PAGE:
3.       Though the Appellants had admittedly received the certified copy of the impugned order on 10.07.2017, they took a fortnight in forwarding the same to their Counsel, in the fourth week of July, 2017.  Thereafter, the Appellants took one and a half months in furnishing the necessary documents, sought for by their Counsel.  This delay is sought to be explained on the ground that due to shifting of their record room, the documents were not traceable.  In the absence of any supporting material, the said bald plea does not inspire any confidence.  Though at that stage, the limitation period provided under the Consumer Protection Act, 1986 for filing an Appeal in the matter was already over, yet Appellants’ Counsel took almost one month in preparing the draft Appeal and sending the same to the Appellants in the second week of October, 2017.  Even at that stage the Appellants did not show any urgency in the matter and took two months in returning the Appeal to be filed before this Commission to the Counsel.  The Counsel ultimately filed the Appeal before this Commission only on 21.12.2017, with the afore-stated delay. 

4.       The Hon’ble Supreme Court in  Anshul Aggarwal vs. New Okhla Industrial Development Authority [(2011) 14 SCC 578] has observed that while deciding an application for condonation of delay, the Court has to keep in mind that the special period of limitation has been prescribed under the Act for filing appeals and revisions in consumer matters and the object of expeditious adjudication of the consumer disputes will get defeated if highly belated petitions filed against the orders of the Consumer Foras are entertained.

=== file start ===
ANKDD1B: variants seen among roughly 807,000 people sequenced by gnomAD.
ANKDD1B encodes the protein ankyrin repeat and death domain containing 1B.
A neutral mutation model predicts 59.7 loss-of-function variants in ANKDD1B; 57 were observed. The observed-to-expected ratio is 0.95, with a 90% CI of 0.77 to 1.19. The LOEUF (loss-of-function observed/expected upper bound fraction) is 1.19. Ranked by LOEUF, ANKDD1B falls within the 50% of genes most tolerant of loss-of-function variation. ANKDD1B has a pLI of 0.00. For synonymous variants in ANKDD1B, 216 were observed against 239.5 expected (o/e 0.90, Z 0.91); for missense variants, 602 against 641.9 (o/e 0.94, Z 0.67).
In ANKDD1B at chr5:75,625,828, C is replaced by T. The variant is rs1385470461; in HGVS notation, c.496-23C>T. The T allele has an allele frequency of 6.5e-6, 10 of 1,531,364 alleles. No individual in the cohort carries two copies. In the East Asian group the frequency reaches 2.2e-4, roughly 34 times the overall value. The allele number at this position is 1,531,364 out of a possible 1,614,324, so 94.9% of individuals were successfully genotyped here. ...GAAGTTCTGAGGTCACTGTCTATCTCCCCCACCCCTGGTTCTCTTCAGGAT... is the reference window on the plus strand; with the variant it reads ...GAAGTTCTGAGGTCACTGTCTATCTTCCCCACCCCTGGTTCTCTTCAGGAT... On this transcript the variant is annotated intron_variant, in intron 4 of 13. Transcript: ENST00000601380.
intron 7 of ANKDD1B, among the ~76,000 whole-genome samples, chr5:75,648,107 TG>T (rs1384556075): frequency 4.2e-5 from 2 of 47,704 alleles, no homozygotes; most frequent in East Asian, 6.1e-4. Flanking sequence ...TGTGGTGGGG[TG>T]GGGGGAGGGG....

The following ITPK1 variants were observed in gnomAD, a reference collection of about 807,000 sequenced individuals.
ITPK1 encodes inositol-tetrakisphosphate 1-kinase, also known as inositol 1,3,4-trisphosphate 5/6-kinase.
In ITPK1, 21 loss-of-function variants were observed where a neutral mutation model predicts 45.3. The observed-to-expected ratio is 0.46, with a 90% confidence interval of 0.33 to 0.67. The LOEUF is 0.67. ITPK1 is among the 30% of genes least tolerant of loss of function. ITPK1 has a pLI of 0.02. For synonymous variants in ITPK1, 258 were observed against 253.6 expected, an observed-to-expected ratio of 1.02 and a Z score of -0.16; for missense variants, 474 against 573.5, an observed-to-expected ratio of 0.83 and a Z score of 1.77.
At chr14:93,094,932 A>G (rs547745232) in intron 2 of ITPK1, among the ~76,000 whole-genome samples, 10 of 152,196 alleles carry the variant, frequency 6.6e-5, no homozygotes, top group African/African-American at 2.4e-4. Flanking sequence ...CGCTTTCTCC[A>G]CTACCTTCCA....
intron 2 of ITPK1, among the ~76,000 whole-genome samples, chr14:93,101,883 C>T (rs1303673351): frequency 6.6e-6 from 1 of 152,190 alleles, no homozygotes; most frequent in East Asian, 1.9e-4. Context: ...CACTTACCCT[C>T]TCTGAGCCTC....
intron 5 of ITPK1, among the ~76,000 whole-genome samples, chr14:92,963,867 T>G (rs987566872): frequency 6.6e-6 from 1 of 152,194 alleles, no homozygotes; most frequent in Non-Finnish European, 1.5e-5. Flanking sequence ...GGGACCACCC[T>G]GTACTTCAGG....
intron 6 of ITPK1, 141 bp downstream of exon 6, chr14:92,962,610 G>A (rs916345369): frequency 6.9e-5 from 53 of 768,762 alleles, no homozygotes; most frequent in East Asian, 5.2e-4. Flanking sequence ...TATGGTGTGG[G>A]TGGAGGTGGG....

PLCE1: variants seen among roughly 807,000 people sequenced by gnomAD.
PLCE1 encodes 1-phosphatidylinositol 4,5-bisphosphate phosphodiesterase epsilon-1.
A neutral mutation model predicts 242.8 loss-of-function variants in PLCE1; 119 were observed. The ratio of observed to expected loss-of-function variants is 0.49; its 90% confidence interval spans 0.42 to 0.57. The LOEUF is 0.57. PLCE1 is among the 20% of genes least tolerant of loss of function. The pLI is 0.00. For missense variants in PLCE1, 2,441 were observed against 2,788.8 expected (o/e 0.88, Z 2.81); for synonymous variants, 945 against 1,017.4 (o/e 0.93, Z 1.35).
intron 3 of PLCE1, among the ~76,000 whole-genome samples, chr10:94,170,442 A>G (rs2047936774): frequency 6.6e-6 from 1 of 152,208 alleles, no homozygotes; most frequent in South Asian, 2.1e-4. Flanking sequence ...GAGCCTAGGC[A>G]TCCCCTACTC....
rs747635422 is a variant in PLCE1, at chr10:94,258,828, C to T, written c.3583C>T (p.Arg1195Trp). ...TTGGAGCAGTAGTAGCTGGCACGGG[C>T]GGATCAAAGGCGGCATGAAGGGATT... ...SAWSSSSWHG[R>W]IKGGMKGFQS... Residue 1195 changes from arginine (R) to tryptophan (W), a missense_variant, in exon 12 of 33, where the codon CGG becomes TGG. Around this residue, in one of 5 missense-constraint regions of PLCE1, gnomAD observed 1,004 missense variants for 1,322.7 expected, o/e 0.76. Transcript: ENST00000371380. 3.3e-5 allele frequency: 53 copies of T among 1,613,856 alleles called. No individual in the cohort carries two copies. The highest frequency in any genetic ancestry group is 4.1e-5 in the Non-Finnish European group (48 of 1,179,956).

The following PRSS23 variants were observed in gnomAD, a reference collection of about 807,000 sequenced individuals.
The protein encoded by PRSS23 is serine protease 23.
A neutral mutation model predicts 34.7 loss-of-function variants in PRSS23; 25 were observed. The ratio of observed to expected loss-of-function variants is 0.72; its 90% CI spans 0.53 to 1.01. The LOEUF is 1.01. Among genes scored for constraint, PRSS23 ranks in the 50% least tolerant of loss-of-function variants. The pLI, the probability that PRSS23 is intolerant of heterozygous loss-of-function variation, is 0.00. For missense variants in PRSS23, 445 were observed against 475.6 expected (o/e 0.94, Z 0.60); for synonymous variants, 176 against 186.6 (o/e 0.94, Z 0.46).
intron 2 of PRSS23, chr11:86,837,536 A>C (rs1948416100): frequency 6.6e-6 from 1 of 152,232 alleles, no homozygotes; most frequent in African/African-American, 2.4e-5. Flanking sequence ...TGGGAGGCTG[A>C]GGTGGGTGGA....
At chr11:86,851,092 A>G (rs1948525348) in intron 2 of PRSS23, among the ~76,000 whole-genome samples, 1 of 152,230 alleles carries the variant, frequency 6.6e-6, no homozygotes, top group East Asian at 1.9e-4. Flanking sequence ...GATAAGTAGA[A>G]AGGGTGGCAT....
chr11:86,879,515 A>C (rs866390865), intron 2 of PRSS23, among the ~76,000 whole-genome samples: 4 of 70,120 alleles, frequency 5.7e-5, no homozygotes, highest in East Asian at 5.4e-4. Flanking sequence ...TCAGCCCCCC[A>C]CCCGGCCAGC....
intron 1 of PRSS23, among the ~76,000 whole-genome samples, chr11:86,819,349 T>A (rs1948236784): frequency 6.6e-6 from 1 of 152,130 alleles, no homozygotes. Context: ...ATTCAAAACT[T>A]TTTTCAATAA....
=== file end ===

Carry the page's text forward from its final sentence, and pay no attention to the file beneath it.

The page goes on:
5.       It is trite that the provision regarding the period of limitation has to be construed strictly.  I have no hesitation in holding that the Appellants have failed to make out any cause, much less a “sufficient cause” for condonation of the afore-stated inordinate delay in filing the present Appeal and, accordingly, I decline to condone the said delay.    

6.       Even on merits, the only contention of the Learned Counsel for the Appellants is that the project was delayed for reasons beyond their control; they have always assured the Complainant that he would be compensated at the time of delivery of possession in accordance with Clause 10(c) of the Flat Buyer’s Agreement; and the State Commission has illegally awarded both compensation and interest.

7.       It is seen from the record that the Complainant had raised a loan from M/s Reliance Capital to the tune of Rs. 29,95,000/- and paid a total amount of Rs. 46,28,933/- for a residential flat, ad measuring 1920 sq. ft.  A tripartite agreement was entered into between the Complainant, the Appellants and M/s Reliance Capital.  It is not in dispute that the last payment was made on 11.05.2008 and the Complainant had discharged the entire loan and obtained a “No Dues Certificate” from M/s Reliance Capital way back on 05.02.2010.  It is also an admitted fact that the subject flat was never constructed and the only defence taken by the Opposite Parties in their Written Version was that the construction activity had slowed down due to global recession and force majeure conditions.  The State Commission has observed that the Opposite Parties had failed to place on record any material in support of their contention that force majeure conditions existed.